—Castle of Indolence
All these are items in the description of a winter evening, which must surely be familiar to everybody born in a high latitude. And it is evident, that most of these delicacies, like ice-cream, require a very low temperature of the atmosphere to produce them: they are fruits which cannot be ripened without weather stormy or inclement, in some way or other. I am not "particular," as people say, whether it be snow, or black frost, or wind so strong, that (as Mr. ---- says) "you may lean your back against it like a post." I can put up even with rain, provided that it rains cats and dogs: but something of the sort I must have: and, if I have it not, I think myself in a manner ill-used: for why am I called on to pay so heavily for winter, in coals, and candles, and various privations that will occur even to gentlemen, if I am not to have the article good of its kind? No: a Canadian winter for my money: or a Russian one, where every man is but a co-proprietor with the north wind in the fee-simple of his own ears. Indeed, so great an epicure am I in this matter, that I cannot relish a winter night fully if it be much past St. Thomas's day, and have degenerated into disgusting tendencies to vernal appearances: no: it must be divided by a thick wall of dark nights from all return of light and sunshine.—From the latter weeks of October to Christmas-eve, therefore, is the period during which happiness is in season...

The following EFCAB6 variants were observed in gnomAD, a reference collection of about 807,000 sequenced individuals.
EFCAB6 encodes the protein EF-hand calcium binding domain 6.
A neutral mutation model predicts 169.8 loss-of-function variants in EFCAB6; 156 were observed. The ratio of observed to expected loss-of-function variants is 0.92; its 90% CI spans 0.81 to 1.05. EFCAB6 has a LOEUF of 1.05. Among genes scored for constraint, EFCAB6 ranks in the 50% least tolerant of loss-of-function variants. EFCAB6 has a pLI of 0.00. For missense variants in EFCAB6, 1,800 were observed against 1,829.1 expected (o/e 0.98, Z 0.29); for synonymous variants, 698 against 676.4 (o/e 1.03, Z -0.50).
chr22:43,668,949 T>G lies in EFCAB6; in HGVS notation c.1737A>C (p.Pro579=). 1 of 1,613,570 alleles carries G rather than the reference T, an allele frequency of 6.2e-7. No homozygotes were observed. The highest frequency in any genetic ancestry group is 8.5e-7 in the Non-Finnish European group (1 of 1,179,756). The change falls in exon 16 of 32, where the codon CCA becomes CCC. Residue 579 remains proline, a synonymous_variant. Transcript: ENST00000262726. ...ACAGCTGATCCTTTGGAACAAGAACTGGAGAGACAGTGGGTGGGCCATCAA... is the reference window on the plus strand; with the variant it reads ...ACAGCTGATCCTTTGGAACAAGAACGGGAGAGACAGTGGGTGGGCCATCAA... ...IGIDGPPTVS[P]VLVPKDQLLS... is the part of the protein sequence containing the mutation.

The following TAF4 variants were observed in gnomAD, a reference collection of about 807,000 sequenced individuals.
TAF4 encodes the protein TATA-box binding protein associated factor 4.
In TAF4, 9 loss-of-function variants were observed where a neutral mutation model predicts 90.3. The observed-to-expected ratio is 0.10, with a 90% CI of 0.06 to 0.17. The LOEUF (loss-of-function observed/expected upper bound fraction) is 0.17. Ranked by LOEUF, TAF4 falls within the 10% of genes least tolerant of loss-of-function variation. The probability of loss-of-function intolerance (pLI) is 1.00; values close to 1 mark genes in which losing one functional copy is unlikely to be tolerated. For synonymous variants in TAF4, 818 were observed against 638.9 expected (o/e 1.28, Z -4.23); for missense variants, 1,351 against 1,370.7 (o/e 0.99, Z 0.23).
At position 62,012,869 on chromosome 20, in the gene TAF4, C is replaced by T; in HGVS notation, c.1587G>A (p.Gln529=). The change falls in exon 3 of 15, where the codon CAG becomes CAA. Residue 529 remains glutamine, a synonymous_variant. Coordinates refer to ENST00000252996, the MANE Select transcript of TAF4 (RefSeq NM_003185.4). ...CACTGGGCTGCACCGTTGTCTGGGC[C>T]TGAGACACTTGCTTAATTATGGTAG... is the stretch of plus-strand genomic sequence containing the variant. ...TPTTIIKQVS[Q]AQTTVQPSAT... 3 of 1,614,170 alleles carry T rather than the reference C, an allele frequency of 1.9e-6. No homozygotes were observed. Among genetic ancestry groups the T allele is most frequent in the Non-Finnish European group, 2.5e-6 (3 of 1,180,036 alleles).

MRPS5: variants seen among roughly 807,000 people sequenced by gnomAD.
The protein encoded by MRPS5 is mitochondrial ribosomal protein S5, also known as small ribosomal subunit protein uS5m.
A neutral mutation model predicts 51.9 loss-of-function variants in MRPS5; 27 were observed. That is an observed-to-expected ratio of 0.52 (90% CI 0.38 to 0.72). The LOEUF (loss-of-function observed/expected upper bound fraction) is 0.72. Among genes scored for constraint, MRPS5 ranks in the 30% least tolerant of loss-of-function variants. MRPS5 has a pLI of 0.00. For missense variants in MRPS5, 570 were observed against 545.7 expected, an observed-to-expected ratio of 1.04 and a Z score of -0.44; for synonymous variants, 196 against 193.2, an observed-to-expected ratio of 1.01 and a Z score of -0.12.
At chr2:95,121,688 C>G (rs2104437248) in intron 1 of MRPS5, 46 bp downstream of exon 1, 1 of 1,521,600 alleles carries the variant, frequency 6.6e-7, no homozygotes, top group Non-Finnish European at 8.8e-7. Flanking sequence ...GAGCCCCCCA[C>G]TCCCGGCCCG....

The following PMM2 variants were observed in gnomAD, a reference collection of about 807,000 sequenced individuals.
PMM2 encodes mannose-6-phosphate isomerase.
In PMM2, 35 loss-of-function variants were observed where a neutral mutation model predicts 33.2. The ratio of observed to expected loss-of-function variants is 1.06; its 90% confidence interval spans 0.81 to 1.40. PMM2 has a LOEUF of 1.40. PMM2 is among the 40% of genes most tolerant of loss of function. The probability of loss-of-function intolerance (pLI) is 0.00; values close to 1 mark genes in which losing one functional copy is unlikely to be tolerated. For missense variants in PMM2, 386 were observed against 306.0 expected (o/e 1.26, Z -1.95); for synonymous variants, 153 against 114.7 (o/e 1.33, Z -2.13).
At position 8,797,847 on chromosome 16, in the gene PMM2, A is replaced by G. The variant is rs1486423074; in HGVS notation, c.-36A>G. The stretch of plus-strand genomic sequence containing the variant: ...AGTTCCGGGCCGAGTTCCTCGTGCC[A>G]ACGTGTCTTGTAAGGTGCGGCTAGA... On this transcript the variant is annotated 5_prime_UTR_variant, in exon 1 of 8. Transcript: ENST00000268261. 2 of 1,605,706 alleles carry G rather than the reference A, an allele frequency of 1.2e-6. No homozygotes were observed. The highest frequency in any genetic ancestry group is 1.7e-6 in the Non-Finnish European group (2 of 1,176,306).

—Confessions of an English Opium Eater
# Posted by The Rat @ 7:25 PM
Sunday, November 06, 2005
( 11:37 PM ) The Rat
THE NATIONAL GINGERBREAD HOUSE COMPETITION AND DISPLAY opens tomorrow!
# Posted by The Rat @ 11:37 PM
( 11:20 PM ) The Rat
APATHY/NIHILISM/DESPAIR WRISTBANDS. Also available in a Seven Deadly Sins version.